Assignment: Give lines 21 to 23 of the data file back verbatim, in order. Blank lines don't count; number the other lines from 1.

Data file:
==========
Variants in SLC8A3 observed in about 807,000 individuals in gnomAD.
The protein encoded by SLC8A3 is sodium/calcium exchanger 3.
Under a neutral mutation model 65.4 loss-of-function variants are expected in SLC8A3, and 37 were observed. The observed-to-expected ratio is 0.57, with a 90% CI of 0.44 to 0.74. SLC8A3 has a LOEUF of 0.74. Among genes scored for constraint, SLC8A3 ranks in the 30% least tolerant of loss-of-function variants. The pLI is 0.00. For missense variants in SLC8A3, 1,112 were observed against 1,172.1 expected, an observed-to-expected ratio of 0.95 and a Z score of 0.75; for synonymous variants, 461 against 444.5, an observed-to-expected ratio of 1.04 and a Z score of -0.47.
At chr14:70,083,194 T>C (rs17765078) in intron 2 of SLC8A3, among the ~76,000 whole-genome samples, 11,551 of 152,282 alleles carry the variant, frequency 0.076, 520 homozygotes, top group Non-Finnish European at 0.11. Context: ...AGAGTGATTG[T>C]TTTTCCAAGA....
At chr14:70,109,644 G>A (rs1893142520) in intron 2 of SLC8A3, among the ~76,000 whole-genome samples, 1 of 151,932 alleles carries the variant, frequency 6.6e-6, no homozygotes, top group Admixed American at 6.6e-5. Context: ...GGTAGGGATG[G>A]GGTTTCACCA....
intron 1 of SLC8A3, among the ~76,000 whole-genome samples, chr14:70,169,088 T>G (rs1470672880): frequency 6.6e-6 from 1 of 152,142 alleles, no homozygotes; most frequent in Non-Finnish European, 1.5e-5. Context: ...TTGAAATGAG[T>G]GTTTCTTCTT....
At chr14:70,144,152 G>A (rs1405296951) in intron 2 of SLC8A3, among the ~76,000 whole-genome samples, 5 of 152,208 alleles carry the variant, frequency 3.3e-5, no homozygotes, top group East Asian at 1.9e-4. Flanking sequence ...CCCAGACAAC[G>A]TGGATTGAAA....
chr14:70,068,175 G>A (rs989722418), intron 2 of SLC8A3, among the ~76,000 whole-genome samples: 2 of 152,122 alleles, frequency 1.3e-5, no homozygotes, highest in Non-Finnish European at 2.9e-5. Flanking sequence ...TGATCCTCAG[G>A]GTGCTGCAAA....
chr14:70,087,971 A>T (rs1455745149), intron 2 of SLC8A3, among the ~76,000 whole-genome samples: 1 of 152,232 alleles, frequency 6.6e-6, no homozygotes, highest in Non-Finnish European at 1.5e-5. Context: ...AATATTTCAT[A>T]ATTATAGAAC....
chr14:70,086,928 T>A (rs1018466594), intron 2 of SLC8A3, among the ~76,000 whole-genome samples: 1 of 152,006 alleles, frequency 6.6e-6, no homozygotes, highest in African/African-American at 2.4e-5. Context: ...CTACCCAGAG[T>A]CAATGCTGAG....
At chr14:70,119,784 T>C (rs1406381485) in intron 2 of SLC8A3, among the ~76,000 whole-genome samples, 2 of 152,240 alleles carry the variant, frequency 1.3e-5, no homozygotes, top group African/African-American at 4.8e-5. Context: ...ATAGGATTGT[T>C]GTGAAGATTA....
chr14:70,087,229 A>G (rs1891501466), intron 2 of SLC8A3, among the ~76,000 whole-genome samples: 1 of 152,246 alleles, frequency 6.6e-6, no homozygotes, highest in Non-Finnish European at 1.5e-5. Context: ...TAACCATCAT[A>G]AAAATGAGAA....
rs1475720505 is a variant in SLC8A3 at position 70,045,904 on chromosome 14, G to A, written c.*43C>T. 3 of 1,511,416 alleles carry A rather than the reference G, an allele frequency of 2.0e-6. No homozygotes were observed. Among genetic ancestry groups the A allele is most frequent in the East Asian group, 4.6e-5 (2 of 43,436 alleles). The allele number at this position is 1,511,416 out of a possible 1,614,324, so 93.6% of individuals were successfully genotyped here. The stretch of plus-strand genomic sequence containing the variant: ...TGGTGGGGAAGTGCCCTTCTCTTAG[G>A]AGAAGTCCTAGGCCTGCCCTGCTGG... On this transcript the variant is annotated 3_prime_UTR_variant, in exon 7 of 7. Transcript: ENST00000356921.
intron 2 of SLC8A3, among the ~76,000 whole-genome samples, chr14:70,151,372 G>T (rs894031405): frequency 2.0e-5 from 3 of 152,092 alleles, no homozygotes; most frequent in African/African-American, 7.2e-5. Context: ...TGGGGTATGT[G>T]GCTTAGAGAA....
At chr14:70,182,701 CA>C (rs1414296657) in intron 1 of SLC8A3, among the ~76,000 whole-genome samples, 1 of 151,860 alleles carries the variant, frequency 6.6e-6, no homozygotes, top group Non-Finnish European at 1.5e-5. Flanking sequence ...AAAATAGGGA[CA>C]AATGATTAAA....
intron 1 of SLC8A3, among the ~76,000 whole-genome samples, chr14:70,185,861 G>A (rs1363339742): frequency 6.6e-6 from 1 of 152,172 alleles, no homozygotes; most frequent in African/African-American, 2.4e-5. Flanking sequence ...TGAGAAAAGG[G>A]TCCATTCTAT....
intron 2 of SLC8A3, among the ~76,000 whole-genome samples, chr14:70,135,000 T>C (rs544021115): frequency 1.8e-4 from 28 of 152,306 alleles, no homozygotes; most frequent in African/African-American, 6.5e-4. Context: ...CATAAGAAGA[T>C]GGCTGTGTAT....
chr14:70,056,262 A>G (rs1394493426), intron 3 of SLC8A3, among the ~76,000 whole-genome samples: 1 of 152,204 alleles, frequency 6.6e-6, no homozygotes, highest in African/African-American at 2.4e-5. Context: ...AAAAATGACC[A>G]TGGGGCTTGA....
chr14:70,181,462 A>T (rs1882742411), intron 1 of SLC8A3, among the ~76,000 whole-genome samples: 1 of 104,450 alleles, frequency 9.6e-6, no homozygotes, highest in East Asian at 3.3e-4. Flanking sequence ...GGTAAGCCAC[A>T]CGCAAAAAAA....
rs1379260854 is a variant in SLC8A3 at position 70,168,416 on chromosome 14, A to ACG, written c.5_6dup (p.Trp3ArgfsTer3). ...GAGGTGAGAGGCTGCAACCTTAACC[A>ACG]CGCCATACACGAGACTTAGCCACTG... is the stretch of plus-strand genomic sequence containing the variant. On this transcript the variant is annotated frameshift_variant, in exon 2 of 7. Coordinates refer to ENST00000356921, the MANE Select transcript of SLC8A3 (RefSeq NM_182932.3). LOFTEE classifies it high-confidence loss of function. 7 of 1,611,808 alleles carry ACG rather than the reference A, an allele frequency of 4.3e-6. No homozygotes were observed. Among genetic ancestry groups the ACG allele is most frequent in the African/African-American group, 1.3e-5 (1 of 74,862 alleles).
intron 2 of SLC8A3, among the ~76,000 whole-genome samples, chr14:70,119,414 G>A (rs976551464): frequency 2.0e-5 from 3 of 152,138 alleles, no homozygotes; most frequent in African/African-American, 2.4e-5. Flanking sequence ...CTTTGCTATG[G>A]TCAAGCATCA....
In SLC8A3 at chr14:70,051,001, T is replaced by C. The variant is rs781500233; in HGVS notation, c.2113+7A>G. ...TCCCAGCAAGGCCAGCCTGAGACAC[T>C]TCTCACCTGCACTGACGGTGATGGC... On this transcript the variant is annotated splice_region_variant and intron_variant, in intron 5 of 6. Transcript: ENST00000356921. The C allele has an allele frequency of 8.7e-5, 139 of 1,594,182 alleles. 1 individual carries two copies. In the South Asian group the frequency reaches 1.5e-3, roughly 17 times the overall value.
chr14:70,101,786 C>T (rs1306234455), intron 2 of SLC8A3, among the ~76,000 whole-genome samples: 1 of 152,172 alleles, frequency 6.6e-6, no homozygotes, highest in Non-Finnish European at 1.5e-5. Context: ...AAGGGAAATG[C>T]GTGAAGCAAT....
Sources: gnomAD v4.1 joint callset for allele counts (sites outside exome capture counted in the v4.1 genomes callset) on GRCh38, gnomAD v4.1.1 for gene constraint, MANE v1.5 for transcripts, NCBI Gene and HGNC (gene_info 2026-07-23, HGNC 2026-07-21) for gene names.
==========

intron 2 of SLC8A3, among the ~76,000 whole-genome samples, chr14:70,119,414 G>A (rs976551464): frequency 2.0e-5 from 3 of 152,138 alleles, no homozygotes; most frequent in African/African-American, 2.4e-5. Flanking sequence ...CTTTGCTATG[G>A]TCAAGCATCA....
In SLC8A3 at chr14:70,051,001, T is replaced by C. The variant is rs781500233; in HGVS notation, c.2113+7A>G. ...TCCCAGCAAGGCCAGCCTGAGACAC[T>C]TCTCACCTGCACTGACGGTGATGGC... On this transcript the variant is annotated splice_region_variant and intron_variant, in intron 5 of 6. Transcript: ENST00000356921. The C allele has an allele frequency of 8.7e-5, 139 of 1,594,182 alleles. 1 individual carries two copies. In the South Asian group the frequency reaches 1.5e-3, roughly 17 times the overall value.
chr14:70,101,786 C>T (rs1306234455), intron 2 of SLC8A3, among the ~76,000 whole-genome samples: 1 of 152,172 alleles, frequency 6.6e-6, no homozygotes, highest in Non-Finnish European at 1.5e-5. Context: ...AAGGGAAATG[C>T]GTGAAGCAAT....